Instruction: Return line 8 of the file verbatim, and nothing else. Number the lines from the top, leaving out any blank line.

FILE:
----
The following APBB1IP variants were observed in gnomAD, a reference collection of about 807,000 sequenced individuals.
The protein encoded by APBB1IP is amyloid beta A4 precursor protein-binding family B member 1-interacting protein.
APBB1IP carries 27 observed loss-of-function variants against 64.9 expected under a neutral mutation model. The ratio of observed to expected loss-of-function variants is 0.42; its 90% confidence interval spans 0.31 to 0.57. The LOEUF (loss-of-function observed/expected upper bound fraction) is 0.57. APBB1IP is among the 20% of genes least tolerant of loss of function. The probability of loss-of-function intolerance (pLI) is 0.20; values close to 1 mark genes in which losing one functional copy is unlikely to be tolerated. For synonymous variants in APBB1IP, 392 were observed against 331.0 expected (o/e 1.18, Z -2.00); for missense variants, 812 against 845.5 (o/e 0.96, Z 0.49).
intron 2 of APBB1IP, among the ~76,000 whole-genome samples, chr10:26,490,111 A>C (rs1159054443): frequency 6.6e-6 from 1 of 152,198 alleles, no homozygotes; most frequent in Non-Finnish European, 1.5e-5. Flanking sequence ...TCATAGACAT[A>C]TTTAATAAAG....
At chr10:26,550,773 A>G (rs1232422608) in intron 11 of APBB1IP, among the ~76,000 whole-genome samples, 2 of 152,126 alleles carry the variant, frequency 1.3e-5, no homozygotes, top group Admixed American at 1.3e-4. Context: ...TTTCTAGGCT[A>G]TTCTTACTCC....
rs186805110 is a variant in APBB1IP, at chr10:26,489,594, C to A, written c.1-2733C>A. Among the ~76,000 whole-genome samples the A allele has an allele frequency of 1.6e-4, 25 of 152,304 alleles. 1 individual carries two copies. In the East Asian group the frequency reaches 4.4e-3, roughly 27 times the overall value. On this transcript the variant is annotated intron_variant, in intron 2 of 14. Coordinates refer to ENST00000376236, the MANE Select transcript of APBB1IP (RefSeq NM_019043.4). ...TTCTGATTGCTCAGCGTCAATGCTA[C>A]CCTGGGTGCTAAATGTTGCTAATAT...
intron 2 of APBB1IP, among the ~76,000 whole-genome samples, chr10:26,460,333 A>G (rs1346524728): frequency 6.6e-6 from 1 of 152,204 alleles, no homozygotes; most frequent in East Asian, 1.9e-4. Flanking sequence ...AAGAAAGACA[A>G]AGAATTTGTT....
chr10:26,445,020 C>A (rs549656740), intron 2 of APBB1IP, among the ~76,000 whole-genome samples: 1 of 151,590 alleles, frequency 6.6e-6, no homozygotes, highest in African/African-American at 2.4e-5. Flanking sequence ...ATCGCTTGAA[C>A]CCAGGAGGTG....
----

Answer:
chr10:26,445,020 C>A (rs549656740), intron 2 of APBB1IP, among the ~76,000 whole-genome samples: 1 of 151,590 alleles, frequency 6.6e-6, no homozygotes, highest in African/African-American at 2.4e-5. Flanking sequence ...ATCGCTTGAA[C>A]CCAGGAGGTG....